Rotarix

Rotarix

vaccine, rotavirus

Manufacturer:

GlaxoSmithKline

Distributor:

Zuellig Pharma
Full Prescribing Info
Contents
Rotavirus vaccine.
Description
Each dose (1.5 mL) of oral suspension contains live attenuated human rotavirus RIX4414 strain not less than 106 CCID50. It also contains the following excipients: Sucrose, disodium adipate, Dulbecco's modified eagle medium (DMEM) and sterile water.
Porcine circovirus type 1 (PCV-1) material has been detected in Rotarix vaccine. PCV-1 is not known to cause disease in animals and is not known to infect or cause disease in humans. There is no evidence that the presence of PCV-1 poses a safety risk.
Action
Pharmacotherapeutic Group: Viral vaccines. ATC Code: JO7BH01.
Pharmacology: Pharmacodynamics: Protective Efficacy: The protective efficacy of Rotarix lyophilised formulation against any and severe rotavirus gastroenteritis was evaluated in Europe, Latin America, Africa and Asia.
Severity of gastroenteritis was defined according to 2 different criteria: the Vesikari 20-point scale, which evaluates the full clinical picture of rotavirus gastroenteritis by taking into account the severity and duration of diarrhoea and vomiting, the severity of fever and dehydration as well as the need for treatment or the clinical case definition based on World Health Organization (WHO) criteria
Protective Efficacy in Europe and Latin America: After 2 doses of Rotarix, the protective vaccine efficacy observed in the studies conducted in Europe and Latin America during the 1st and 2nd year of life combined is presented in Tables 1 and 2. (See Tables 1 and 2.)

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The vaccine efficacy against severe rotavirus gastroenteritis was 38.6% (95% CI: <0; 84.2) for G2P[4] strain. The number of cases, on which the estimates of efficacy against G2P[4] were based, were very small.
A pooled analysis of 4 efficacy studies showed a 71.4% (95% CI: 20.1;91.1) efficacy against severe gastroenteritis (Vesikari score ≥11) caused by rotavirus G2P[4] strain.
Since the immune response observed after 2 doses of Rotarix liquid formulation was comparable to the immune response observed after 2 doses of Rotarix lyophilised formulation, the levels of vaccine efficacy observed with the lyophilised formulation can be extrapolated to the liquid formulation.
Protective Efficacy in Africa: A clinical study performed in Africa in >4900 subjects evaluated Rotarix given at approximately 10 and 14 weeks of age (2 doses) or 6, 10 and 14 weeks of age (3 doses). The vaccine efficacy against severe rotavirus gastroenteritis during the 1st year of life was 61.2% (95% CI:44;73.2). The study was not powered to evaluate a difference in vaccine efficacy between the 2- and 3-dose regimens.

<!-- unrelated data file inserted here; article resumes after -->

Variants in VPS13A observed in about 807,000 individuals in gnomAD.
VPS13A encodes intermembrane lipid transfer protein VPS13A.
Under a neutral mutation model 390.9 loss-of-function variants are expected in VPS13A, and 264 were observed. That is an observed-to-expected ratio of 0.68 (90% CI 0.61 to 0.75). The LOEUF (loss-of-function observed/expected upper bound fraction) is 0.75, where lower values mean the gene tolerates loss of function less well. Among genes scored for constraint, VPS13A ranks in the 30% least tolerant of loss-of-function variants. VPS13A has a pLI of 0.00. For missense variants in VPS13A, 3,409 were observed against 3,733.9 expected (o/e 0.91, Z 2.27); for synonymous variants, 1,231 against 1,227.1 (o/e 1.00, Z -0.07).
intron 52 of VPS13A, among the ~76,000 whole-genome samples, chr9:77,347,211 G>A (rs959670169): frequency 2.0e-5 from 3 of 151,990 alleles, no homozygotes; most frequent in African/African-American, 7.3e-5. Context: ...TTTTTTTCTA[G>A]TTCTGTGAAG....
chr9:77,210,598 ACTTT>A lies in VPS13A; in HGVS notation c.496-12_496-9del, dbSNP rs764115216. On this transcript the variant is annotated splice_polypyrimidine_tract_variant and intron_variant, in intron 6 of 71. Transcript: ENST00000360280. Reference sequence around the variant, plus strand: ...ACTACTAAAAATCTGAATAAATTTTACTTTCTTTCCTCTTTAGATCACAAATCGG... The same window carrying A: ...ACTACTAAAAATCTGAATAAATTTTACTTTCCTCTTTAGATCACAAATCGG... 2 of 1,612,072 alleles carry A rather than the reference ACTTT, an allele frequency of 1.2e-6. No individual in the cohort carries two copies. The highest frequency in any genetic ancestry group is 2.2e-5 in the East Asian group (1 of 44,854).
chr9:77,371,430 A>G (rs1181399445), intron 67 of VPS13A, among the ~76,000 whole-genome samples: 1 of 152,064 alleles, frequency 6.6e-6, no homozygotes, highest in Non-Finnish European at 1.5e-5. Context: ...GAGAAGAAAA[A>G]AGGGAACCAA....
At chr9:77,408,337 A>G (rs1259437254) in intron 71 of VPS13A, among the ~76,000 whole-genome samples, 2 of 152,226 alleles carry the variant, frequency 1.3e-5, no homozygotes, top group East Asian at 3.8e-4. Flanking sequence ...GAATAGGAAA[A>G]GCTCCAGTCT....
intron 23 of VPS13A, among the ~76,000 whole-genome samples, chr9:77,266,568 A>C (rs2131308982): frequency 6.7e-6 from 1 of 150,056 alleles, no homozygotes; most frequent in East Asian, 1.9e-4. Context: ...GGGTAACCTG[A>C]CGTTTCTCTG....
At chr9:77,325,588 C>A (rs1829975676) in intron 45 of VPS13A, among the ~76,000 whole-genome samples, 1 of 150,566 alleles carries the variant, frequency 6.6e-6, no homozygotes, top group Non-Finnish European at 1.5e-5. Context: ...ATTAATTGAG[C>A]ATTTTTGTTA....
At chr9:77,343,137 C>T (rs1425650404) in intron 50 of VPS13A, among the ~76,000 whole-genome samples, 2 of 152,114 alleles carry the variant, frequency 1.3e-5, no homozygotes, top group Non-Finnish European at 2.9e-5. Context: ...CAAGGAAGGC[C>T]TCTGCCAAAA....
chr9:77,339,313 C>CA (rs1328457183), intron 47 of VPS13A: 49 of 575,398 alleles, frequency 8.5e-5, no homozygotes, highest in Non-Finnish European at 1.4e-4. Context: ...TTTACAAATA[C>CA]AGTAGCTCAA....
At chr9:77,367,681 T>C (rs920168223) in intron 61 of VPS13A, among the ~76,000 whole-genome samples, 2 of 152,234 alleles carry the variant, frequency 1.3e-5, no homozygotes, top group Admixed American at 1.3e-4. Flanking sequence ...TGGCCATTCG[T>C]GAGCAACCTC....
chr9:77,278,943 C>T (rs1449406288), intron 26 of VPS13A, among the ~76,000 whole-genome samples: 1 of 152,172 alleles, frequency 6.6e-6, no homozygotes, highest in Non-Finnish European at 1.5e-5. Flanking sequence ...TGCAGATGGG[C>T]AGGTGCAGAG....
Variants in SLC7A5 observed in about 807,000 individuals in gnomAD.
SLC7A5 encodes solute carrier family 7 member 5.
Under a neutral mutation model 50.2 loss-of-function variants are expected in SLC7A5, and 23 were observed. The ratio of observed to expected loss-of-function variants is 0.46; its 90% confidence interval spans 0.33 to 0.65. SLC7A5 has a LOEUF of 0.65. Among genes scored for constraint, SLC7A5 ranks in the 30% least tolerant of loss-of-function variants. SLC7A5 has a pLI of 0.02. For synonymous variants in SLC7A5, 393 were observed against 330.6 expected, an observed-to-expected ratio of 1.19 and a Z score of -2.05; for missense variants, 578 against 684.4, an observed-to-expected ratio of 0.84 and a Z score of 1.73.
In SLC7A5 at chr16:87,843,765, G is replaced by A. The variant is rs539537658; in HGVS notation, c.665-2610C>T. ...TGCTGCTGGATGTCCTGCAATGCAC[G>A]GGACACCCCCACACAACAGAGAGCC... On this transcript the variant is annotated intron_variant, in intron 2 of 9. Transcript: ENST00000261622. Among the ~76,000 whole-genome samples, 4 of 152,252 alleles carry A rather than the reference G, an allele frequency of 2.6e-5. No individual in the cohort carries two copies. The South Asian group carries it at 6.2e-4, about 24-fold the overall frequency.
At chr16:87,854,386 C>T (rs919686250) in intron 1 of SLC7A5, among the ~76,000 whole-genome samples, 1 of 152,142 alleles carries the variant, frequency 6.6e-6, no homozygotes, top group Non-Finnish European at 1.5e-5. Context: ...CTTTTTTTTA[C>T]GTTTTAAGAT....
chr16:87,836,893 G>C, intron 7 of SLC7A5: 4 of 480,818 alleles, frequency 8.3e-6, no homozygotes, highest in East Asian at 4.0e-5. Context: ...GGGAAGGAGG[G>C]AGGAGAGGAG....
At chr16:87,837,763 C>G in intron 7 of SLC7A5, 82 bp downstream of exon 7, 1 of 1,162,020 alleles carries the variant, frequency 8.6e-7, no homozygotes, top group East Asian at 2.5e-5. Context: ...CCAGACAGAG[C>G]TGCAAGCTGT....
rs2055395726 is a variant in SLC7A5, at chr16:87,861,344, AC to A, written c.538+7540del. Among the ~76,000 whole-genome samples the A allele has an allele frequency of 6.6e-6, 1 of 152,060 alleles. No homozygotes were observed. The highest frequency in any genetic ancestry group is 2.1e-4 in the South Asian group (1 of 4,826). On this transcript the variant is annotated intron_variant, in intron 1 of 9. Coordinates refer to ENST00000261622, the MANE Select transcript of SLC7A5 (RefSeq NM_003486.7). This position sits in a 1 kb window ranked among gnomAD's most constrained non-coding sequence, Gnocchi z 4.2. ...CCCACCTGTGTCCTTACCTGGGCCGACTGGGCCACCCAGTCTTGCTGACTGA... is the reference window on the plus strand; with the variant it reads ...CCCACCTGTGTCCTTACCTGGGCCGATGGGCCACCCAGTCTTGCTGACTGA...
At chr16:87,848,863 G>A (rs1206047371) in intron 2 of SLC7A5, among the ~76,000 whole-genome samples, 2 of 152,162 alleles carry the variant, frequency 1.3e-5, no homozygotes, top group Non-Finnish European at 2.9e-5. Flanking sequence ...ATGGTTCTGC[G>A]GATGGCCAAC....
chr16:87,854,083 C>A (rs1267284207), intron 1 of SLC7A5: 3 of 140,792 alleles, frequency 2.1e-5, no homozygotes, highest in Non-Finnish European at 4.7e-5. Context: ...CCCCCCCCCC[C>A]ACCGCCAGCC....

The protective vaccine efficacy observed against any and severe rotavirus gastroenteritis is presented in Table 3.

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Sustained Efficacy up to 3 Years of Age in Asia: A clinical study conducted in Asia (Hong Kong, Singapore and Taiwan) in >10,000 subjects evaluated Rotarix given according to different schedules (2, 4 months of age; 3, 4 months of age).
After 2 doses of Rotarix, the protective vaccine efficacy observed up to 3 years of age is presented in Table 4.

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Immune Response: In different clinical studies conducted in Europe, Latin America and Asia, 1957 infants received Rotarix lyophilised formulation and 1006 infants received a placebo according to different vaccination schedules. The percentage of subjects initially seronegative for rotavirus [IgA antibody titres <20 U/mL (by ELISA)] with serum anti-rotavirus IgA antibody titers ≥20 U/mL 1 or 2 months after the 2nd dose of vaccine or placebo ranges from 77.9-100% and from 0-17.1%, respectively.
In 3 comparative trials, the immune response elicited by Rotarix liquid formulation was comparable to the one elicited by Rotarix lyophilised formulation.
In a clinical study conducted in Africa, the immune response was evaluated in 332 infants who received Rotarix (N=221) or placebo (N=111) according to a 10 and 14 weeks schedule (2 doses) or 6, 10 and 14 weeks schedule (3 doses). The percentage of subjects initially seronegative for rotavirus (IgA antibody titres <20 U/mL (by ELISA)) with serum antirotavirus IgA antibody titers ≥20 U/mL 1 month after the last dose of vaccine or placebo was 58.4% (pooled regimens) and 22.5%, respectively.
Immune Response in Pre-Term Infants:
In a clinical study conducted in pre-term infants with the lyophilised formulation, Rotarix was immunogenic; 85.7% of subjects achieved serum anti-rotavirus IgA antibody titers ≥20 units/mL (by ELISA) 1 month after the 2nd dose of vaccine.
Safety in Infants with Human Immunodeficiency (HIV) Infection: In a clinical study, 100 infants with HIV infection were administered Rotarix lyophilised formulation or placebo. The safety profile was similar between Rotarix and placebo recipients.
Vaccine Shedding: Excretion of the vaccine virus in the stools occurs after vaccination and lasts for 10 days on average with peak excretion around the 7th day. Viral antigen particles detected by ELISA were found in 50% of stools after the 1st dose and 4% of stools after the 2nd dose. When these stools were tested for the presence of live vaccine strain, 17% were positive.
In 2 comparative controlled trials, vaccine shedding after vaccination with Rotarix liquid formulation was comparable to that observed after vaccination with Rotarix lyophilised formulation.
Effectiveness: Table 5 shows the results of several matched case-control studies conducted to evaluate the effectiveness of Rotarix against severe rotavirus gastroenteritis leading to hospitalization.

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Impact on Mortality§: Impact studies with Rotarix conducted in Panama, Brazil and Mexico showed a decrease in all cause diarrhoea mortality ranging from 22-56% in children <5 years, within 2-3 years after vaccine introduction.
Impact on Hospitalization§: In a retrospective database study in Belgium conducted in children <5 years, the direct and indirect impact of Rotarix vaccination on rotavirus-related hospitalization ranged from 64% (95% CI:49;76) to 80% (95% CI:77;83) 2 years after vaccine introduction. Similar studies in Brazil, Australia and El Salvador showed a reduction of 59%, 75% and 81%, respectively. In addition, 3 impact studies on all cause diarrhoea hospitalization conducted in Latin America showed a reduction of 29-37% 2 years after vaccine introduction.